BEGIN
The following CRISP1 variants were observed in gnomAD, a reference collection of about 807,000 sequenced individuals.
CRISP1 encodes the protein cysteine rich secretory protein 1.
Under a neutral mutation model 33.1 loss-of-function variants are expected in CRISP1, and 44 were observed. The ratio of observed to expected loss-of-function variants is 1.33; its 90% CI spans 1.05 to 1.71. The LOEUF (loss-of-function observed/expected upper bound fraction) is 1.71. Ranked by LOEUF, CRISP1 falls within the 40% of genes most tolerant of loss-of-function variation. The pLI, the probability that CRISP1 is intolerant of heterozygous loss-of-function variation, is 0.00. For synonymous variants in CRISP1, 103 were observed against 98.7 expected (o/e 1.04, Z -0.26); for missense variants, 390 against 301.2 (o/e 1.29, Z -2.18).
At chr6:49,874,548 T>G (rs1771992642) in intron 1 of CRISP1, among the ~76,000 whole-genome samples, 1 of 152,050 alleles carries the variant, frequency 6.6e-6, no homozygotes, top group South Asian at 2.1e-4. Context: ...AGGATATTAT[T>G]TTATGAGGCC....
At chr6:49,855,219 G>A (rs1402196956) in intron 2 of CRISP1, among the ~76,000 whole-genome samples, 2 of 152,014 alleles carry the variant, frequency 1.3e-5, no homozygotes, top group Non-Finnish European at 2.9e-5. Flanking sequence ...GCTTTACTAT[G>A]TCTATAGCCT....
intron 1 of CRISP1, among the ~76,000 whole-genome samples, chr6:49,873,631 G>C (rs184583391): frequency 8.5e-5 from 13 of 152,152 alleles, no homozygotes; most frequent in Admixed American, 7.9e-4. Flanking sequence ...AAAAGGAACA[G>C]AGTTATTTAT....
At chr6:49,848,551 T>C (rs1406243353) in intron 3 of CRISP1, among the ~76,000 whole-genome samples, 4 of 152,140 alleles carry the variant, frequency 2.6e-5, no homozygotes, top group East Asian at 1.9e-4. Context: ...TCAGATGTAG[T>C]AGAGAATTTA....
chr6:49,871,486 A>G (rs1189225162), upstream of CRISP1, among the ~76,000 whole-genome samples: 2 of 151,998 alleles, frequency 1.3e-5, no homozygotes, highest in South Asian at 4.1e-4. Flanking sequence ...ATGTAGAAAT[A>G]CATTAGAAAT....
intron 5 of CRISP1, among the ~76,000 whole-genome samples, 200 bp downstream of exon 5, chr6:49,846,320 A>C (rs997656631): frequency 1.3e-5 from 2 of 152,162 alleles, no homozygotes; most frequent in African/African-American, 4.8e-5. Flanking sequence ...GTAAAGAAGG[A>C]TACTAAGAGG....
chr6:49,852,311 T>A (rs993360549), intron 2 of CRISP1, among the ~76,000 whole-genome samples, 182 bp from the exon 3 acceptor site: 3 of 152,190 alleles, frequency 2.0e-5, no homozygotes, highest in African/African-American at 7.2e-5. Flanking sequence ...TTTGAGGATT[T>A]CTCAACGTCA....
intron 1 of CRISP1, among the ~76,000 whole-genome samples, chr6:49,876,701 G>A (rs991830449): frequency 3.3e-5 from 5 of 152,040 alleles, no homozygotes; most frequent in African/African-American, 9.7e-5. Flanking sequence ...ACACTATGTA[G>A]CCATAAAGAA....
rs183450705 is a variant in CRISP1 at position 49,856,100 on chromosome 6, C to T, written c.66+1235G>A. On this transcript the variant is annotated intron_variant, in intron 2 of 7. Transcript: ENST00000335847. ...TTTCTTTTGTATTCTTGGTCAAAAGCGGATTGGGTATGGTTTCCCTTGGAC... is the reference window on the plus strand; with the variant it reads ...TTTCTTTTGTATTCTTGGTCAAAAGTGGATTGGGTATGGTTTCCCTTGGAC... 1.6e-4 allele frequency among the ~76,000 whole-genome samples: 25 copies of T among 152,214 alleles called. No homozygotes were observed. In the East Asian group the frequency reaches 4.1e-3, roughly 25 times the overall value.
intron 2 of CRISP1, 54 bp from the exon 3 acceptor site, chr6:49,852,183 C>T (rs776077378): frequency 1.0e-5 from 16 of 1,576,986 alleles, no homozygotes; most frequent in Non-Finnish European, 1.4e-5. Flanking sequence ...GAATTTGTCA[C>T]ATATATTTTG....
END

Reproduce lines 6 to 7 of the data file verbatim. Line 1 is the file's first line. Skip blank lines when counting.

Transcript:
intron 1 of CRISP1, among the ~76,000 whole-genome samples, chr6:49,873,631 G>C (rs184583391): frequency 8.5e-5 from 13 of 152,152 alleles, no homozygotes; most frequent in Admixed American, 7.9e-4. Flanking sequence ...AAAAGGAACA[G>C]AGTTATTTAT....
At chr6:49,848,551 T>C (rs1406243353) in intron 3 of CRISP1, among the ~76,000 whole-genome samples, 4 of 152,140 alleles carry the variant, frequency 2.6e-5, no homozygotes, top group East Asian at 1.9e-4. Context: ...TCAGATGTAG[T>C]AGAGAATTTA....